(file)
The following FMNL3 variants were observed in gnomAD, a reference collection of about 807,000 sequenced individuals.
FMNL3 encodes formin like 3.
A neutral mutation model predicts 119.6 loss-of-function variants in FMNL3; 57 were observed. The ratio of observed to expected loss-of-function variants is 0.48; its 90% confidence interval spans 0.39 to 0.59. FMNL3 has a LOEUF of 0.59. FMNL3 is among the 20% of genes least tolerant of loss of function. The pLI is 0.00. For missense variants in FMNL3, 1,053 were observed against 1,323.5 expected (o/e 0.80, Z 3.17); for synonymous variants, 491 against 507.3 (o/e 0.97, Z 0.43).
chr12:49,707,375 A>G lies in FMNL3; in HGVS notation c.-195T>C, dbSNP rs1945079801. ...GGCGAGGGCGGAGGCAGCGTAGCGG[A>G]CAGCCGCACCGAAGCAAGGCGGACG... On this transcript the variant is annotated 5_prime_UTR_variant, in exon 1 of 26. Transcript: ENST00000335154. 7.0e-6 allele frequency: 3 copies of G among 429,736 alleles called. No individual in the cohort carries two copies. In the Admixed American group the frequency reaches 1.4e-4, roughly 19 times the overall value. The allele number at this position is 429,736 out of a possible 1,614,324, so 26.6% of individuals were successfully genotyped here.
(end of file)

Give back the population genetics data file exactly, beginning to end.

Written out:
The following FMNL3 variants were observed in gnomAD, a reference collection of about 807,000 sequenced individuals.
FMNL3 encodes formin like 3.
A neutral mutation model predicts 119.6 loss-of-function variants in FMNL3; 57 were observed. The ratio of observed to expected loss-of-function variants is 0.48; its 90% confidence interval spans 0.39 to 0.59. FMNL3 has a LOEUF of 0.59. FMNL3 is among the 20% of genes least tolerant of loss of function. The pLI is 0.00. For missense variants in FMNL3, 1,053 were observed against 1,323.5 expected (o/e 0.80, Z 3.17); for synonymous variants, 491 against 507.3 (o/e 0.97, Z 0.43).
chr12:49,707,375 A>G lies in FMNL3; in HGVS notation c.-195T>C, dbSNP rs1945079801. ...GGCGAGGGCGGAGGCAGCGTAGCGG[A>G]CAGCCGCACCGAAGCAAGGCGGACG... On this transcript the variant is annotated 5_prime_UTR_variant, in exon 1 of 26. Transcript: ENST00000335154. 7.0e-6 allele frequency: 3 copies of G among 429,736 alleles called. No individual in the cohort carries two copies. In the Admixed American group the frequency reaches 1.4e-4, roughly 19 times the overall value. The allele number at this position is 429,736 out of a possible 1,614,324, so 26.6% of individuals were successfully genotyped here.